A very important difference is that in Lewis' version it is a woman who is in the asylum and made a 'captive' ('My tyrant husband forged the tale'...)  whereas in Russells' version is male and the lyrics could be interpreted as that spoken by someone already a 'maniac'. It is thus a far tamer version of Lewis' original idea.

    Lewis' text is reproduced below.  A PDF of it (with his stage instructions) is available here

    For the curious, two versions of Henry Russells' 'The Maniac' can actually be heard on-line. The first version (minus lyrics) here; the second (with lyrics) here.

 Matthew G. Lewis.

Stay, Gaoler, stay, and hear my woe!
She is not mad who kneels to thee;
For what I'm now too well I know,
And what I was, and what should he.
I'll rave no more in proud despair;
My language shall be mild though sad;
But yet I firmly, truly swear,
I am not mad, I am not mad!

My tyrant husband forged the tale
Which chains me in this dismal cell;
My fate unknown my Friends bewail,-
O, Gaoler, haste that fate to tell!
O, haste my Father's heart to cheer!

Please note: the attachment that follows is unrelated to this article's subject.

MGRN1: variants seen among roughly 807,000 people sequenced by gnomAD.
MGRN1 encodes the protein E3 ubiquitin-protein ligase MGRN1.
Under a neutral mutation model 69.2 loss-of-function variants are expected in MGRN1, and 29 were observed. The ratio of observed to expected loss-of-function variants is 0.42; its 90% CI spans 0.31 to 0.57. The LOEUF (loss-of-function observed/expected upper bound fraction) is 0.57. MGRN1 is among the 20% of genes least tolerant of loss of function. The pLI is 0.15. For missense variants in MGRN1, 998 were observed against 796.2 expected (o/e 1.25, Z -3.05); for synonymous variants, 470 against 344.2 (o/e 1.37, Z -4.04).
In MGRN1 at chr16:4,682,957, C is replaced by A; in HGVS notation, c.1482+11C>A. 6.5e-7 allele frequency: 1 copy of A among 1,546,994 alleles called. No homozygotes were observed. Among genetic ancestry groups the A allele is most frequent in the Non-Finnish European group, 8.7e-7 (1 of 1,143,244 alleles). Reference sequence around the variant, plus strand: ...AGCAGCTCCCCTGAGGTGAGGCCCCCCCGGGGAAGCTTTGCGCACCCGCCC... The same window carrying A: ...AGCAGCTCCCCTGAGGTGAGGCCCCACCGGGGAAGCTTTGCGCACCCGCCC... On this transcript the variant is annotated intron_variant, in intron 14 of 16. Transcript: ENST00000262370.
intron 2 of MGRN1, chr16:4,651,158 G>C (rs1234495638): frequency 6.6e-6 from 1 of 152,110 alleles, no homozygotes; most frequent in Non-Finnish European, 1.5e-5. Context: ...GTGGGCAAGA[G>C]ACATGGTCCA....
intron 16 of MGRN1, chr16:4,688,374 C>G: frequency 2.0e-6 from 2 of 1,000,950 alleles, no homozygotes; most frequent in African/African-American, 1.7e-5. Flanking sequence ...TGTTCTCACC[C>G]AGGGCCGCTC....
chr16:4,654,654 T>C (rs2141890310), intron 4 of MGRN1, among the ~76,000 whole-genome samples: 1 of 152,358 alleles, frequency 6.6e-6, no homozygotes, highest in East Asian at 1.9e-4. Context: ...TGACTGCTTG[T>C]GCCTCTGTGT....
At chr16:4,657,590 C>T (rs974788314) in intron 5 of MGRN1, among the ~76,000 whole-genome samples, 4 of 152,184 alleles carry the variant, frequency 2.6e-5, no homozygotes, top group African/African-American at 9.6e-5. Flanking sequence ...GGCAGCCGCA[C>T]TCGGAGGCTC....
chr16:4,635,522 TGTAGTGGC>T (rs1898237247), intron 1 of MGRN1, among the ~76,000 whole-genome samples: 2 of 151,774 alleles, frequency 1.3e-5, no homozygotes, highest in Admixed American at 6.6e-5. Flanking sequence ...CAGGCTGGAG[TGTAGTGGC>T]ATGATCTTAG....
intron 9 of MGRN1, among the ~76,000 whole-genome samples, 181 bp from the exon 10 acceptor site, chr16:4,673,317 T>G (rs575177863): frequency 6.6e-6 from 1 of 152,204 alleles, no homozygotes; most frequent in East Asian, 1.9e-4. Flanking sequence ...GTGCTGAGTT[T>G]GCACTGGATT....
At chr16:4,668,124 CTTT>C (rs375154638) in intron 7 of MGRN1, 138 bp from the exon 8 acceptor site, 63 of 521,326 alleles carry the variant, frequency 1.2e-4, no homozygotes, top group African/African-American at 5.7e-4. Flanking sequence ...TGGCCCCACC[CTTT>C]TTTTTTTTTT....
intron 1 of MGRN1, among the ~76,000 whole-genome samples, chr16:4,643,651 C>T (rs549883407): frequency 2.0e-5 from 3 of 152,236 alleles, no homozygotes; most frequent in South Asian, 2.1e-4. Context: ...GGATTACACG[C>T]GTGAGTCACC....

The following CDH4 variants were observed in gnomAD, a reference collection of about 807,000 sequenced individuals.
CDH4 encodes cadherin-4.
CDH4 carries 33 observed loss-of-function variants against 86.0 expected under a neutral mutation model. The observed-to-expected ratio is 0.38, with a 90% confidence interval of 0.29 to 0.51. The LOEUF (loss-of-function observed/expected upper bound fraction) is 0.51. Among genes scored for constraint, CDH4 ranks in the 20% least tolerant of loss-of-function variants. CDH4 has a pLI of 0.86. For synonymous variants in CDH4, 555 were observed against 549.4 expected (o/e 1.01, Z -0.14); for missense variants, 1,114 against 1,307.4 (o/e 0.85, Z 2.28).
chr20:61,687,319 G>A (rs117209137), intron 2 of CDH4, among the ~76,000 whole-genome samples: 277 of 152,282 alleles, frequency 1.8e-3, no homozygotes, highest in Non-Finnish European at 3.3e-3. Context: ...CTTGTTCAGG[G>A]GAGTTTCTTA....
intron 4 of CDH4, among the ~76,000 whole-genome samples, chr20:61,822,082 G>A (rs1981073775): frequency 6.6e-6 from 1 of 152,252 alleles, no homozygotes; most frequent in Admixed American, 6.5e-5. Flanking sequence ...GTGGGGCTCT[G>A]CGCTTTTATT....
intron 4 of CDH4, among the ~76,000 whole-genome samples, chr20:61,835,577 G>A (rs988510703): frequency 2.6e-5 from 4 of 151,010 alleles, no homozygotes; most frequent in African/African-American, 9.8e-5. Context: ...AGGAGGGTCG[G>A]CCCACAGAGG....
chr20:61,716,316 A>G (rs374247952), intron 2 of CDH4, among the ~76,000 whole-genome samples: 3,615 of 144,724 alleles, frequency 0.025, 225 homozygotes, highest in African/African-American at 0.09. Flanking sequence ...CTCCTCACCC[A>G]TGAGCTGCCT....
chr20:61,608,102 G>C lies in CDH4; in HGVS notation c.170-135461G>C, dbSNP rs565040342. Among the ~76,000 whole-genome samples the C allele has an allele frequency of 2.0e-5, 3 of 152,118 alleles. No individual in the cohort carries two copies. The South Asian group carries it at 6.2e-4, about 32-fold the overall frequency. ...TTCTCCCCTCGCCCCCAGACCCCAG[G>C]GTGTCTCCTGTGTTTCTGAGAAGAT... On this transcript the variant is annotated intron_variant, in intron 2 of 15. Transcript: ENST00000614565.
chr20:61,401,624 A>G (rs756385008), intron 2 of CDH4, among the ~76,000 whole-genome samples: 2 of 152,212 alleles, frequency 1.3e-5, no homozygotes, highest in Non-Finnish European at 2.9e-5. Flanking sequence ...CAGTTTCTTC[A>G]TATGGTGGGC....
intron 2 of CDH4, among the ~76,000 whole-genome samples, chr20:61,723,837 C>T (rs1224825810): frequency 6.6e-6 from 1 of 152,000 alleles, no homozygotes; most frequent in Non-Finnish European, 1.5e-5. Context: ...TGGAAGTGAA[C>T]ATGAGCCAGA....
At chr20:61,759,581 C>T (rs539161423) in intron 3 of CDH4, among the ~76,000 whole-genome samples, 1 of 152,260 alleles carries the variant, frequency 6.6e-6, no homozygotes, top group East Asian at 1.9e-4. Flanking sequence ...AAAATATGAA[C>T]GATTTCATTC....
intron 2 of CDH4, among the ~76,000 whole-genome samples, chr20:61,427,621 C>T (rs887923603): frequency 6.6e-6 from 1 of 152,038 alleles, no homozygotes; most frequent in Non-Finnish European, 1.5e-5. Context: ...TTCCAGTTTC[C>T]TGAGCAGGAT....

His heart at once 'twill grieve and glad
To know, though kept a captive here,
I am not mad, I am not mad!

He smiles in scorn, and turns the key;
He quits the grate; I knelt in vain!-
His glimmering lamp still...still I see,-
'Tis gone! and all is gloom again.
Cold, bitter cold!-No warmth! no light!-
Life, all thy comforts once I had;
Yet here I'm chained, this freezing night,
Although not mad; no-no-not mad!

'Tis sure some dream, some vision vain;
What! I, the child of rank and wealth,-
Am I the wretch who clanks this chain.
Bereft of freedom, friends and health?
Ah! while I dwell on blessings fled,
Which nevermore my heart must glad,
How aches my heart, how burns my head;
But 'tis not mad; no, 'tis not mad!

Hast thou, my child, forgot, ere this,
A mother's face, a mother's tongue?
She'll ne'er forget your parting kiss,
Nor 'round her neck how fast you clung;
Nor how with her you sued to stay;
Nor how that suit your Sire forbade;
Nor how-I'll drive such thoughts away!
They'll make me mad! they'll make me mad!

His rosy lips, how sweet, they smiled,
His mild blue eyes, how bright they shone!
None ever bore a lovelier child,
And art thou now forever gone?
And must I never see thee more,
My pretty-my pretty-pretty Lad?
I will be free! unbar the door!
I am not mad, I am not mad!

O, hark! what mean those yells and cries?

His chain some furious madman breaks;
He comes!-I see his glaring eyes;
Now-now, my dungeon-grate he shakes!
Help-Help!-He's gone!-Oh! fearful woe,
Such screams to hear, such sights to see!
My brain, my brain-I know, I know
I am not mad, but soon shall be.

Yes! soon!-for Lo yon' while I speak.
Mark how yon demon's eyeballs glare!
He sees me, now, with dreadful shrieks.
He whirls a serpent high in air!-
Horror-the reptile strikes his tooth
Deep in my heart, so crushed and sad;
Ay, laugh, ye fiends;-I feel the truth;
Your task is done, I'm Mad! I'm Mad!